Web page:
Raiders: Tom Flores snubbed again by Pro Football Hall of Fame

Legendary Raiders coach and player TomFlores was snubbed once again by the Pro Football of Fame and the time has come for his induction.

If you watched the NFL Divisional Round this past weekend you were treated to emotional moments captured on live TV where former coaches Bill Cowher and Jimmy Johnson were informed of their acceptance to the Pro Football Hall of Fame. They were special moments that we shared with these two men and they surely evoked a number of emotions for fans of the Dallas Cowboys and Pittsburgh Steelers.

For Raiders fans however, a different set of emotions were invoked, mainly anger and disappointment that Cowher and Johnson's acceptances meant that Tom Flores was on the outside looking in once again.

With all due respect to both Johnson and Cowher and their impressive resumes, there is absolutely no reason that either of them should have been accepted before Flores. When only comparing their coaching resumes, Flores has more wins than Johnson and a better playoff winning percentage than Cowher.

Take a look at this comparison thanks to Pro Football Reference:

We of course acknowledge that Cowher has significantly more wins than Flores and a much better regular season winning percentage, but the point is that they all deserve to be in. One may look at the coaching achievements of all three men and consider it an even case for them all to be inducted with Johnson given a slight edge for winning percentage and Cowher for longevity and wins, but when you factor in their playing career the snub is even more apparent.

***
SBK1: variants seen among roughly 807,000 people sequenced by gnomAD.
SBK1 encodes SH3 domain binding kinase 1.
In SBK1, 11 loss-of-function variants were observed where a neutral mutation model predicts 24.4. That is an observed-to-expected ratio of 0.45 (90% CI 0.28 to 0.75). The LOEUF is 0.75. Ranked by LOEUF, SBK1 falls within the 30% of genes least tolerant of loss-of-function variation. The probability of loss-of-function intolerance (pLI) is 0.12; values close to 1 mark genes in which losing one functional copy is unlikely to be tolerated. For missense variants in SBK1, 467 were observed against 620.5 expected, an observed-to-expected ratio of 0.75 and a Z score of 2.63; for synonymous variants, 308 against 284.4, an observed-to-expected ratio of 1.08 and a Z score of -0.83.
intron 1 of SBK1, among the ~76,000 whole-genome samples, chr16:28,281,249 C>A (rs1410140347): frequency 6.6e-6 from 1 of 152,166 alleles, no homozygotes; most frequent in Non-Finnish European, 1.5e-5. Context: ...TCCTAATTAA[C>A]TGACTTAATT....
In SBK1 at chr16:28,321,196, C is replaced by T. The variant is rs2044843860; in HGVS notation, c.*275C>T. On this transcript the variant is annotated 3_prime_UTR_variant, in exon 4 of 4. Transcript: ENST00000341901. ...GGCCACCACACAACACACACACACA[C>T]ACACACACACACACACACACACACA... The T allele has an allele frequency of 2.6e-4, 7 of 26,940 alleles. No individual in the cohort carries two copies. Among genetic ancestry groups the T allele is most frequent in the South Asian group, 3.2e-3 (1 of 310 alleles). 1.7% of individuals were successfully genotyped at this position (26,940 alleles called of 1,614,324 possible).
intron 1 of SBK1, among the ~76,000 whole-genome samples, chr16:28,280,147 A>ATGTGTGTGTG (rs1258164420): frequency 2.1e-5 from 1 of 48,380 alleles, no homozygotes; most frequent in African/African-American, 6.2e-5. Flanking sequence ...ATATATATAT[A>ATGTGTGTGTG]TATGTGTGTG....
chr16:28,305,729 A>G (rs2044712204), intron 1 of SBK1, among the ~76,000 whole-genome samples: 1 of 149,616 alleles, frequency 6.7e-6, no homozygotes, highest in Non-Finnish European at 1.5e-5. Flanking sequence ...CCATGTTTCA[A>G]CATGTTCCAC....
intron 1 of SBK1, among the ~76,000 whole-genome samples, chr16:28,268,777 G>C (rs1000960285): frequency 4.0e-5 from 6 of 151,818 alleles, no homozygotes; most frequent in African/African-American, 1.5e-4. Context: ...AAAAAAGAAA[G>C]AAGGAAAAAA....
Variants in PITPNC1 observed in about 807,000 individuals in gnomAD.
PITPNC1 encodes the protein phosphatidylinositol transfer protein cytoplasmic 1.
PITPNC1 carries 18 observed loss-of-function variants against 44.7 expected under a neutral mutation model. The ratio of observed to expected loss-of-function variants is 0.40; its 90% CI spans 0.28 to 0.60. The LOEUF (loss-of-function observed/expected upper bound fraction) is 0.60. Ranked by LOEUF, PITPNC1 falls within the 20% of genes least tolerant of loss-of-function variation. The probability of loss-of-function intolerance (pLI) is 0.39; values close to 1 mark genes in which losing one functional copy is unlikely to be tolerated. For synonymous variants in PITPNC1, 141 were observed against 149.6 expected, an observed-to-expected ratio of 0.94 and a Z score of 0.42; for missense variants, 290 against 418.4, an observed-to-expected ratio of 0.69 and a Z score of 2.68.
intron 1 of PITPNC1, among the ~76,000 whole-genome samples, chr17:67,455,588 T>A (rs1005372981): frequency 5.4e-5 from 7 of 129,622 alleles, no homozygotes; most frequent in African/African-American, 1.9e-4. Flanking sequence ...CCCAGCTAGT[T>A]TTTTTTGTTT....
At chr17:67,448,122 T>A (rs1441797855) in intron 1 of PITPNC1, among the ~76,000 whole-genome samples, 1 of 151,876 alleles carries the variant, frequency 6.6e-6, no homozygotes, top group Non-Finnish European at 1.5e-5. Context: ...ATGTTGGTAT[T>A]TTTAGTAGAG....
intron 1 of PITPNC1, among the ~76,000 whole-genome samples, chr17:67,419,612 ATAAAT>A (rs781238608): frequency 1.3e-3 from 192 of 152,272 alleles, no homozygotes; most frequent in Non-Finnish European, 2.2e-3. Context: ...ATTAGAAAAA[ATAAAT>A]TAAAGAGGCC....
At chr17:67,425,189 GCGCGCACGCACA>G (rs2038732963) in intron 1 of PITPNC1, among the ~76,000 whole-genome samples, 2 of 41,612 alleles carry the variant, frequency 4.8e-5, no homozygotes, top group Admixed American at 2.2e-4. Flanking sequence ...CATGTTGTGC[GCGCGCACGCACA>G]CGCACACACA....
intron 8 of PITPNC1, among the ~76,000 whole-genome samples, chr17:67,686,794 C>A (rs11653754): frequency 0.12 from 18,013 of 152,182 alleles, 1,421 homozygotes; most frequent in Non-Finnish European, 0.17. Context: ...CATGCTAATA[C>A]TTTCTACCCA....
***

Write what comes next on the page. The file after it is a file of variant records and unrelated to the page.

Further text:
Jimmy Johnson never played a snap in the NFL but was a talented defensive lineman at the University of Arkansas. He made a huge splash as the head coach of the notorious University of Miami teams in the 1980’s but this should have had no bearing on his candidacy for the Pro Football Hall of Fame.

Bill Cowher was primarily a special teams player for five seasons before moving in to coaching so that should have had very little bearing on his candidacy as well.

Tom Flores in contrast was an NFL QB for nine seasons and even won a Super Bowl as a backup for the Kansas City Chiefs in 1969. Flores didn’t light up the boxscore as a player but was an AFL all-star in 1966 and more importantly was the QB for the Raiders in their inaugural season so his place in history is set from that perspective. If Flores’s coaching resume was not enough for Hall of Fame voters then the addition of his playing career should have been more than enough to put him in.

Where Flores stands out above many of his peers is in the most important category of all, Super Bowl victories. Flores was an assistant coach on John Madden’s lone victory in Super Bowl XI but was running the show for the Raiders’ other two victories in Super Bowl XV and XVIII. There is a short list of coaches who have even been to two Super Bowls and a much shorter list of coaches that have won the NFL’s ultimate prize.

Eight of the men on this list have been inducted in to the Pro Football Hall of Fame and the rest should surely follow in the coming years. The question now becomes when is it going to be Tom Flores’s turn? Does Flores, his family, and Raiders fans have to wait until he is inducted posthumously like Ken Stabler?

The Pro Football Hall of Fame serves two purposes, to highlight the incredible achievements of players, executives, and coaches but perhaps more importantly, to tell the story of pro football from its inception to the present. Simply put, there is no way to tell the story of the Raiders, one of football’s prestige franchises, without Tom Flores.

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There is no way to tell the story of the AFL without one of its great players and there is no way to tell the story of the NFL in the 80s without Tom Flores and those incredible Raider teams. The time has come and gone for Flores to get that gold jacket and take his rightful place among his peers in Canton, Ohio.